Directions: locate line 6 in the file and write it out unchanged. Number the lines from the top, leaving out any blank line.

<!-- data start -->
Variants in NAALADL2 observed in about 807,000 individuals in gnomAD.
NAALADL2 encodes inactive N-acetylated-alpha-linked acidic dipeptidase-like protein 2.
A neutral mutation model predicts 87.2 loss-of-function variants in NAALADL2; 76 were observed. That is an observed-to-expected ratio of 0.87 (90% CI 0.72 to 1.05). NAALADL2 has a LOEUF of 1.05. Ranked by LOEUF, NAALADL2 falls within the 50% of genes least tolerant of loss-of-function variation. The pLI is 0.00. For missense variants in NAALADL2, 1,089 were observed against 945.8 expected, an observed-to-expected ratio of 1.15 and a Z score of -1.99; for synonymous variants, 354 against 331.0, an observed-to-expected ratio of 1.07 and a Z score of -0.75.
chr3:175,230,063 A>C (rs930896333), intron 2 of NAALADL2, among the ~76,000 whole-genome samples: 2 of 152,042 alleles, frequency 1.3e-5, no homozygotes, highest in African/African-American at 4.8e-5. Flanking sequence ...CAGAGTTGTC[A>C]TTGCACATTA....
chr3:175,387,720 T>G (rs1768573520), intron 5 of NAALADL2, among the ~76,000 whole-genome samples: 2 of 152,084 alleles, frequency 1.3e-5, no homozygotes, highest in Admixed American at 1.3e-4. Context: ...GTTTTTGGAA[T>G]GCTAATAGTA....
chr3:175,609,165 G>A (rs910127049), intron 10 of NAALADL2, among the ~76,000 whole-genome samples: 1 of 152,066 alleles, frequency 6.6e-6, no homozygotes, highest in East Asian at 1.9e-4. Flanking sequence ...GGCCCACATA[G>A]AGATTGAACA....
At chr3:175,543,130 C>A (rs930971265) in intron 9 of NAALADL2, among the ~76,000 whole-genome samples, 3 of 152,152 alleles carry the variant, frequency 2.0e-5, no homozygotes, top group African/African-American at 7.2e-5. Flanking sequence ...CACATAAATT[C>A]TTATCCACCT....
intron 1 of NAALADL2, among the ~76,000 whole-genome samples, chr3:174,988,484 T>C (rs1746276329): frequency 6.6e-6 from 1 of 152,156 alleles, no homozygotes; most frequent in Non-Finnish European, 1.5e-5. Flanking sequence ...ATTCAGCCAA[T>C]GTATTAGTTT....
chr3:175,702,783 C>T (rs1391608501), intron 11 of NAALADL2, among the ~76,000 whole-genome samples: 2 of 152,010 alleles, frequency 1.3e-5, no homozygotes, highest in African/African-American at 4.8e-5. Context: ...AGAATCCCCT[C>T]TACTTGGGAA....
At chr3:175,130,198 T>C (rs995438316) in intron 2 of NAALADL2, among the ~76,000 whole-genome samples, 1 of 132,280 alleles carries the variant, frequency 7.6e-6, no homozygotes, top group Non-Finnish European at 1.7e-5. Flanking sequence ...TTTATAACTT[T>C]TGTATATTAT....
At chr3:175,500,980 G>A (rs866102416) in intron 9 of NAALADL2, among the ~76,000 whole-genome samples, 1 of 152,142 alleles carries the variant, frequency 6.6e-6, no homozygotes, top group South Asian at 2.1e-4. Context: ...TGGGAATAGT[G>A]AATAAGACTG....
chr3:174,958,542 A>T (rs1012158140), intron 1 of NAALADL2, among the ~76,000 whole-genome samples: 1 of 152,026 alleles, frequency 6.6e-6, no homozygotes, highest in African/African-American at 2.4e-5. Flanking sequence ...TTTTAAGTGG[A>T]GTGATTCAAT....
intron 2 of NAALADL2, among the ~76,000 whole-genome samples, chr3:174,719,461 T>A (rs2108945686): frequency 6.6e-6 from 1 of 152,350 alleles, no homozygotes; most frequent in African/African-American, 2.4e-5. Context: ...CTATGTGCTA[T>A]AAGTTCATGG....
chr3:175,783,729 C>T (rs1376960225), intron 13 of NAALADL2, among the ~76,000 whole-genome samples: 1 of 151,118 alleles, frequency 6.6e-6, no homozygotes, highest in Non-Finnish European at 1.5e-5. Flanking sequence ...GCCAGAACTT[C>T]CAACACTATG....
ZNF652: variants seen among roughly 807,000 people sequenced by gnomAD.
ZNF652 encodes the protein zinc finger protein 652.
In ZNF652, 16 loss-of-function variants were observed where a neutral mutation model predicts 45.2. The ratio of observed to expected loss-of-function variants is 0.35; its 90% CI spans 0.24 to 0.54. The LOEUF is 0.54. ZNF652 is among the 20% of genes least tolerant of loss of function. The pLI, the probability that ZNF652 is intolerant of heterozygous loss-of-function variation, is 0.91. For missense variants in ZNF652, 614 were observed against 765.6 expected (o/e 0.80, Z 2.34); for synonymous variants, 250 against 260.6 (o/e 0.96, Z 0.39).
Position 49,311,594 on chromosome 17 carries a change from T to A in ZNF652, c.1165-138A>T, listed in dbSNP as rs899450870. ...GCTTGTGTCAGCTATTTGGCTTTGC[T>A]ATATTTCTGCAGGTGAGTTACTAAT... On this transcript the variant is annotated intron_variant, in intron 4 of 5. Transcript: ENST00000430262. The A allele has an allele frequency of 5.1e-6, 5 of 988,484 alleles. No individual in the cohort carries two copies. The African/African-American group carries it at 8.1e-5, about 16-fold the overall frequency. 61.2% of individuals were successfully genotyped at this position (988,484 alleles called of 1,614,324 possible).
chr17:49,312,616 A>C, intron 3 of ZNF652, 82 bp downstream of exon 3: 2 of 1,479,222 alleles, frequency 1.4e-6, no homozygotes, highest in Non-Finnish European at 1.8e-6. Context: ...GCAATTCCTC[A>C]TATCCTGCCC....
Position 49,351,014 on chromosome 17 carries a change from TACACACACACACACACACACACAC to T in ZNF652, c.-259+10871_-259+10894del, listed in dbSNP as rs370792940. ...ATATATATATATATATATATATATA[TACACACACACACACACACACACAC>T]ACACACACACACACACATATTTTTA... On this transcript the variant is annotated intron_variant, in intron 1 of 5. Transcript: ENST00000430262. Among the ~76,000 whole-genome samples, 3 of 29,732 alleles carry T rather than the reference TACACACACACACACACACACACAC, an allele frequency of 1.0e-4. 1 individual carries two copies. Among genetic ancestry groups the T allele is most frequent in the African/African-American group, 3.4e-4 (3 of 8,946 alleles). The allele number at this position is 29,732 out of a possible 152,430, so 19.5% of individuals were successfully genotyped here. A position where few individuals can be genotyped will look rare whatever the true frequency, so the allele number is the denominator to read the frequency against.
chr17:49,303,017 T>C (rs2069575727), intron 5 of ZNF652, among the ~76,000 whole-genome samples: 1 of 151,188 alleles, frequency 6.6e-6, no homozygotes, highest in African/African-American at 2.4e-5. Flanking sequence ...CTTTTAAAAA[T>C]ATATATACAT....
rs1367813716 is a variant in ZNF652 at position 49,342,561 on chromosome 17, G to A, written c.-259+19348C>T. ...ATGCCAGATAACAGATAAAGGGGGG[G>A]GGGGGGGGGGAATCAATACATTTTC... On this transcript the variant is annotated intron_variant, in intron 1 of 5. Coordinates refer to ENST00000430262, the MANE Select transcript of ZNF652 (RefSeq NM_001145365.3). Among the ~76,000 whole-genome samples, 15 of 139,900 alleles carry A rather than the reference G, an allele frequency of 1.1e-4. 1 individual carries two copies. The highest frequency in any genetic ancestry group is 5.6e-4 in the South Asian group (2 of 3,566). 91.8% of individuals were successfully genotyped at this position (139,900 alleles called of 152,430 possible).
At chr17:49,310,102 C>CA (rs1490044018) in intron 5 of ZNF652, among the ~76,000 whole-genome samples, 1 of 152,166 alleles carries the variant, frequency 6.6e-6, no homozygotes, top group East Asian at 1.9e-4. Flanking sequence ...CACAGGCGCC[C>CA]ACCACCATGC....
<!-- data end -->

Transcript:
chr3:175,609,165 G>A (rs910127049), intron 10 of NAALADL2, among the ~76,000 whole-genome samples: 1 of 152,066 alleles, frequency 6.6e-6, no homozygotes, highest in East Asian at 1.9e-4. Flanking sequence ...GGCCCACATA[G>A]AGATTGAACA....